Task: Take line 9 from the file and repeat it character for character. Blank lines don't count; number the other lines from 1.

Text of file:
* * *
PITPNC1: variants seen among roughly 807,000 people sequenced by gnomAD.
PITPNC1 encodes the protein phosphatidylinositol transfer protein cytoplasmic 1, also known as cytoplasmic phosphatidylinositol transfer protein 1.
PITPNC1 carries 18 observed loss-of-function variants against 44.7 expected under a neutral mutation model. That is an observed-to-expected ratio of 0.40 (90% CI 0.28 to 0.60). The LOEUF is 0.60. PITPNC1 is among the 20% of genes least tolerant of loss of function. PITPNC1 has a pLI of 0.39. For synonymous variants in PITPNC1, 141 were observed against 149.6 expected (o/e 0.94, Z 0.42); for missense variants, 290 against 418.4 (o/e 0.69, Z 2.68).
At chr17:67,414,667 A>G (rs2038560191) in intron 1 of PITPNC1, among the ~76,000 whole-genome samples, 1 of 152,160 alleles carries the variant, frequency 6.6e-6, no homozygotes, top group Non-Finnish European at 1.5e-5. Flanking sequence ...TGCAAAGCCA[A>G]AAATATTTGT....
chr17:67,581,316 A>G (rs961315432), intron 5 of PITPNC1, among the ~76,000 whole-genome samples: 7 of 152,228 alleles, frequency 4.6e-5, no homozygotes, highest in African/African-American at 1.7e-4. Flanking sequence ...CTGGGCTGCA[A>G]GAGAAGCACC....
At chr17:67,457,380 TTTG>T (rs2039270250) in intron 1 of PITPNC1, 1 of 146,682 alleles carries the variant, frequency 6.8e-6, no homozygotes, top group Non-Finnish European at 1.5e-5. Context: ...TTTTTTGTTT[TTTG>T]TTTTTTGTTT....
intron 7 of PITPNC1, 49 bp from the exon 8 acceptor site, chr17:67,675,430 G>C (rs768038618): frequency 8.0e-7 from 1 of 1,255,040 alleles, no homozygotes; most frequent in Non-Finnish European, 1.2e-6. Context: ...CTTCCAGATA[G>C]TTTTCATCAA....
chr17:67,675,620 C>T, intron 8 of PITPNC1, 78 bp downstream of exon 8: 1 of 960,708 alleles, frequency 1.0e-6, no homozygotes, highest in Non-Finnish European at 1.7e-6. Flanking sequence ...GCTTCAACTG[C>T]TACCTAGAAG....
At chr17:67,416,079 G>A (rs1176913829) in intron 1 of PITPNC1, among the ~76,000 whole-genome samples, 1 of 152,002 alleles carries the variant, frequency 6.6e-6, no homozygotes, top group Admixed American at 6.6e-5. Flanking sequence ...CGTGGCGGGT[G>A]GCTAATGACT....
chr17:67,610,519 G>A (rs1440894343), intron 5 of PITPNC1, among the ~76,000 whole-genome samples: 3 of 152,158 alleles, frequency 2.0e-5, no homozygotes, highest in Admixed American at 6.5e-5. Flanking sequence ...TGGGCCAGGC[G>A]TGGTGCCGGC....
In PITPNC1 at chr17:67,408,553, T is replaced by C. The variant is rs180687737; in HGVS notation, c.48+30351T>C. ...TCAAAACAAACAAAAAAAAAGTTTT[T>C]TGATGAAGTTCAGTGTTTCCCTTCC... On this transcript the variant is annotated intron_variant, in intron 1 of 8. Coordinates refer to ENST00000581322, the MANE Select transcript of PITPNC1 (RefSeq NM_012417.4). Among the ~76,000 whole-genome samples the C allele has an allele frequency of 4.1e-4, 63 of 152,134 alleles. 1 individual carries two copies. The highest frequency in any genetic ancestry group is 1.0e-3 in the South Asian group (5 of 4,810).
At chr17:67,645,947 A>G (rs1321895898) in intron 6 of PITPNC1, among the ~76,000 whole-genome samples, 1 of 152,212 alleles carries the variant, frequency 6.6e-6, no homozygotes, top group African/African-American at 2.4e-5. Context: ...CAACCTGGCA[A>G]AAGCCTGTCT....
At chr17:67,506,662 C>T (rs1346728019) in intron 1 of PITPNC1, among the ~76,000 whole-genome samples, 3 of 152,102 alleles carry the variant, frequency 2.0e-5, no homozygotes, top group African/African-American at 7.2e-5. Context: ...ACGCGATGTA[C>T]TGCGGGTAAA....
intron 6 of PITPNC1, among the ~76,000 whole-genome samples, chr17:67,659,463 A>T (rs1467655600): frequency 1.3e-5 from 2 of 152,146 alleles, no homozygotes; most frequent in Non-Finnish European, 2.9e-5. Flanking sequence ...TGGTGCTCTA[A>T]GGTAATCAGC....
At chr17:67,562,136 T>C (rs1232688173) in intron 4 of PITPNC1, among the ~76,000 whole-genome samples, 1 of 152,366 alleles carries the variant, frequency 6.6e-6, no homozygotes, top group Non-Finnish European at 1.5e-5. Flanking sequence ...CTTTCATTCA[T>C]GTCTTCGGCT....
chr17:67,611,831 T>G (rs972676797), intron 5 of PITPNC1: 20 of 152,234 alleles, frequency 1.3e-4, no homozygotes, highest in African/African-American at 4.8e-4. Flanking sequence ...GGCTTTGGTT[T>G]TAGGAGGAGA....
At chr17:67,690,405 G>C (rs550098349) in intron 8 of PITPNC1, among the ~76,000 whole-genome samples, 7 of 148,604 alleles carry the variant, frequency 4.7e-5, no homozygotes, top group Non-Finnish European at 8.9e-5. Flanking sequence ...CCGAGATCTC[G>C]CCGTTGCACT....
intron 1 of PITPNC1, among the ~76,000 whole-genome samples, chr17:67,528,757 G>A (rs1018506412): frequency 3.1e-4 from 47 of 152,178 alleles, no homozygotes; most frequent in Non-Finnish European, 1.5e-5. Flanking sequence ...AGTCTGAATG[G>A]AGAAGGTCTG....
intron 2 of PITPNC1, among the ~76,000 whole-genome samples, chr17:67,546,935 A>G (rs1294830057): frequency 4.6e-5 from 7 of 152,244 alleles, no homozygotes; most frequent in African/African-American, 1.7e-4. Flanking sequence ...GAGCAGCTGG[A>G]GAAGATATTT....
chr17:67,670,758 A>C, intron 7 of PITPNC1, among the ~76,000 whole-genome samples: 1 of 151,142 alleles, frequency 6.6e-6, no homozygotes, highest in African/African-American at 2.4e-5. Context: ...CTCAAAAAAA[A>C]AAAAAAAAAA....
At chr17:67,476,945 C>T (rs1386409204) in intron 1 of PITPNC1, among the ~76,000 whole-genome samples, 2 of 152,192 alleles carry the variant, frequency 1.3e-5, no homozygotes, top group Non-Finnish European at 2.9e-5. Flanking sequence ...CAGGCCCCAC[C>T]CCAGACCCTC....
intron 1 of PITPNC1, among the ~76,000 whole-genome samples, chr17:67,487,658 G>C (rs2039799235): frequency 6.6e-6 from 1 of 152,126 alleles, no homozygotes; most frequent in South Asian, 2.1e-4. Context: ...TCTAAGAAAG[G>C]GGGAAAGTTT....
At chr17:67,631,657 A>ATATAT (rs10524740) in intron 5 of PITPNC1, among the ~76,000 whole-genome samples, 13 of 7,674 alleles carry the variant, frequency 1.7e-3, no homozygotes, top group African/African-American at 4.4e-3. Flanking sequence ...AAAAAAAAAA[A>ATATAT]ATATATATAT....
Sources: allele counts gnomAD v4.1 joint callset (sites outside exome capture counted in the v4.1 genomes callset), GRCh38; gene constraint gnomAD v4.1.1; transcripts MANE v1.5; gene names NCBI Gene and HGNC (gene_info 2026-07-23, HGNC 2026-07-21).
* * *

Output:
At chr17:67,416,079 G>A (rs1176913829) in intron 1 of PITPNC1, among the ~76,000 whole-genome samples, 1 of 152,002 alleles carries the variant, frequency 6.6e-6, no homozygotes, top group Admixed American at 6.6e-5. Flanking sequence ...CGTGGCGGGT[G>A]GCTAATGACT....